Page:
We have been asked whether it is safe to keep rabbits in the same area as poultry, primarily chickens. We don’t advise this for several reasons
- Dietary needs are different. Poultry birds need grain feeds. This is high calorie and low on fibre. It’s a completely unsuitable diet for rabbits, will cause obesity and doesn’t provide the dietary fibre they need to keep teeth worn correctly nor to keep the gut moving properly
- Water is generally fouled by birds. Rabbits need to have a constant supply of fresh water and if they are sharing living quarters with chickens etc that will not be possible as it will become contaminated with faecal matter
- Salmonella is a major problem with poultry. Whilst rabbits are reasonable resistant to it, it is nevertheless an unacceptable risk
- Hens and particularly ducks turn grass into bare earth or mud quickly. This is removing a valuable food source from rabbits and turning the area they live on into something potentially harmful
- There is potential for injury and there are anecdotal tales of this happening
For these reasons we recommend that rabbits are not housed with poultry species
There is further information on this topic in the BSAVA Rabbit Manual. It states that where birds and rabbits are housed together, large psittacines (parrot species) may cause trauma to rabbits, although in most cases where rabbits share an aviary with birds the birds are more commonly smaller members of the parrot group and also other perching birds.
It is not common for micro-organisms to be able to transfer directly between avian and mammalian species, but if it does happen in one bird or mammal, the others in the group should be suspected of being infected also. This is particularly the case with intestinal diseases and fungal skin conditions.
Where hens and rabbits are kept together, the coccidian affecting each animal are different and should not cause problems to the other species but the main health problems are as mentioned above.
We are sometimes asked about letting houserabbits play in the garden, especially in cold or wet weather.
Our Specialist Veterinary Adviser Dr Richard Saunders has provided this advice
“General: I would say that all rabbits outside in runs should have a hide box area with at least 2 exits, to retreat into if feeling insecure, as well as for protection from extremes of cold or wind.
Low temperatures: assuming they are healthy rabbits in social groups or pairings, with no significant areas of missing fur etc, if they are able to move around freely and are protected from rain and wind, they should be OK in runs down to about 5C. Below that, access to a well insulated indoor area, whether attached to or within the run, or both, must be provided. Rabbits in poor body condition, or with missing fur, or sole animals, must be provided with shelter before temperatures get down to 5C.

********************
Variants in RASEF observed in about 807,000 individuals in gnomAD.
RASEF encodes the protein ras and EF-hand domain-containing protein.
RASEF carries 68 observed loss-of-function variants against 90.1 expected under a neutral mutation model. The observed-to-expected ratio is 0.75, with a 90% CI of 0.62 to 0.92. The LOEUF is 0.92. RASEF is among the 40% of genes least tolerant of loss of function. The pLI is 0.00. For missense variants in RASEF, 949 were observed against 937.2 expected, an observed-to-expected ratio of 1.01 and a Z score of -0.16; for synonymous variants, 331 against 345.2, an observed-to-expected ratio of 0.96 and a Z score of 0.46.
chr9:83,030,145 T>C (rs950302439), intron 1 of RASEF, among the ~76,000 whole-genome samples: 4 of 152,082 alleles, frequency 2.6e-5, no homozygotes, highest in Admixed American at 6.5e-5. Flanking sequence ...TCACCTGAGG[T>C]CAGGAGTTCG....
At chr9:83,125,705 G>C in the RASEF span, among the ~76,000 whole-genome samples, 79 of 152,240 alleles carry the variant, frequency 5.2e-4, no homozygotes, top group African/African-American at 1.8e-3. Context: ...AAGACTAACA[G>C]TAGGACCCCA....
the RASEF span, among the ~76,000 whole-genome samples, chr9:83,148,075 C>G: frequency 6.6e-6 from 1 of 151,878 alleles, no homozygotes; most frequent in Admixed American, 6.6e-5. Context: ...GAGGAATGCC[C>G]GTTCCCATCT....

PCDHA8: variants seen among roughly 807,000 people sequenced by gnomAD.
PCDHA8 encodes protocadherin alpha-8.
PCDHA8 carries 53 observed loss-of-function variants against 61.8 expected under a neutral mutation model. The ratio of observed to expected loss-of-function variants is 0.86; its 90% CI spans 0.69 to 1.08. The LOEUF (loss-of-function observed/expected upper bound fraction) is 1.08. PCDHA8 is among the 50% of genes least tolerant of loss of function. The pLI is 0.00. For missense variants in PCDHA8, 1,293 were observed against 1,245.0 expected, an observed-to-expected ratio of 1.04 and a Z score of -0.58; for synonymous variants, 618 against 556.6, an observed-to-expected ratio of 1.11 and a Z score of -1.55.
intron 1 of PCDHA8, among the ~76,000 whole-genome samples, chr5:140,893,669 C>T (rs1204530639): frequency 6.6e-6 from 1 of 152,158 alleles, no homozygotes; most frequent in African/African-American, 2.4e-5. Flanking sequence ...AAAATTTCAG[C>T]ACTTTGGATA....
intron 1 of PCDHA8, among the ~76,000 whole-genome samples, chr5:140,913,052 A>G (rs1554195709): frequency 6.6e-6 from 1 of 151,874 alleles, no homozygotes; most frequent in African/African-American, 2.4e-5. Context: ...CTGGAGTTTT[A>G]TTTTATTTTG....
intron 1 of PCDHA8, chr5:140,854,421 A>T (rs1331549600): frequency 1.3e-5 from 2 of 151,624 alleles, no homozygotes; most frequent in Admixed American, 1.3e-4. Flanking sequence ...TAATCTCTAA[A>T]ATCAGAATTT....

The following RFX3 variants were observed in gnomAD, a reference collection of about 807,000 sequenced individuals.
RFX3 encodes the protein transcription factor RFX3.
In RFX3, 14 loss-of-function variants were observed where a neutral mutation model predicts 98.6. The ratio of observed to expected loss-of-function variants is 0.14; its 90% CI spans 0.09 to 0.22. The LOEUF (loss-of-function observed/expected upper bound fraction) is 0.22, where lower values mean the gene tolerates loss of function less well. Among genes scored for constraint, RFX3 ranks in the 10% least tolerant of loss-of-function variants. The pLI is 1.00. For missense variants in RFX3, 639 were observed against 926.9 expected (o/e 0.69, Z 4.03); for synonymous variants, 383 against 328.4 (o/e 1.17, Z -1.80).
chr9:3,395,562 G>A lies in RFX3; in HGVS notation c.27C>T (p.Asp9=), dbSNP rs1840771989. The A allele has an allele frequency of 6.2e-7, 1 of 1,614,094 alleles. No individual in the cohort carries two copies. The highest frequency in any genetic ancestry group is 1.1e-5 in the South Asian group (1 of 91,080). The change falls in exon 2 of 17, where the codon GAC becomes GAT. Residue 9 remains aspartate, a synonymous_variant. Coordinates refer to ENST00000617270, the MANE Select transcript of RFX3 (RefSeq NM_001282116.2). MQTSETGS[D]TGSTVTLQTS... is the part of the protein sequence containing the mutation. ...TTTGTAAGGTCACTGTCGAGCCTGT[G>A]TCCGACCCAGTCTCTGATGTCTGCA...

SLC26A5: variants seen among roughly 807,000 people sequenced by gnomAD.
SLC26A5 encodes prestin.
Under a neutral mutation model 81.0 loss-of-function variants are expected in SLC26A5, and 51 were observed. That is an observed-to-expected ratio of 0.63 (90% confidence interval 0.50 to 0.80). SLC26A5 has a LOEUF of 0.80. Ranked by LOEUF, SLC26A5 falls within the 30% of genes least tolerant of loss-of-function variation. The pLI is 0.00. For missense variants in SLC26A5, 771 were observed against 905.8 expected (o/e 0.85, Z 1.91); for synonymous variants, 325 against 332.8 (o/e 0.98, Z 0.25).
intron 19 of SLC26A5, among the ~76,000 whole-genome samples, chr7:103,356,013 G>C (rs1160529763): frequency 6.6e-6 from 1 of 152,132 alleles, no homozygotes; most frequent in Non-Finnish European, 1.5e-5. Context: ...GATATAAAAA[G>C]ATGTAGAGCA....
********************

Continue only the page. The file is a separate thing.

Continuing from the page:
High temperatures: OK, assuming the rabbits are not obese, and do not have respiratory disease, and have shade and plenty of places to keep cool.”
Q7) I bought some zoflora as it says safe to use in pet areas, thing is would it be
safe to use near buns? I know it wouldn’t kill EC spores though.
A7) This is from the safety data sheet, which makes me think, no, it’s not a good
idea round pets:
Harmful in contact with skin and if swallowed
Toxic by inhalation, in contact with skin and if swallowed
Irritating to eyes
Irritating to skin
Toxic: danger of very serious irreversible effects through inhalation, in
contact with skin and if swallowed
May cause sensitisation by skin contact
Very toxic to aquatic organisms.
Toxic to aquatic organisms, may cause long term effects in the aquatic
Harmful to aquatic organisms, may cause long term effects in the aquatic
Harmful: may cause lung damage if swallowed.
Highly flammable liquid and vapour
Toxic if swallowed
Harmful if swallowed
Toxic in contact with skin
Harmful in contact with skin
Causes severe skin burns and eye damage
Toxic if inhaled
Causes damage to organs
Very toxic to aquatic life
We’d like to remind you once more about keeping vaccinations up to date. It’s only a few days ago that a distraught member in Essex has asked us to let everyone know that myxi is rife there at the moment. If you know of any outbreaks please let us know, or share them here.
Please don’t let your rabbits miss or be late for any of their vaccinations. Until the new vaccine becomes available later this year, keep to the dates your rabbits are due, annually for VHD and six-monthly for Myxomatosis.
A few weeks back we asked our Facebook followers for FAQs on Myxi and VHD, and this threw up some questions about hay too. Over the next few days we’ll be publishing one or two of your questions daily with answers from our Vet expert advisor Richard Saunders BSc (Hons) BVSc MSB CBiol DZooMed (Mammalian) MRCVS .
Thanks to everyone who took part and contributed, we hope that this is both interesting and useful:
Myxi – Q1)How effective is the new combined vaccine against myxo. Have heard of lots of cases of pseudo myxo in last 12 months on vaccinated rabbits. Will this still happen with combined vaccine, is it a new vaccine more appropriate to recent strains?
A1) Data sheet for it is now online.
In theory, this new vaccine should be better, and it has been tested against virulent strains.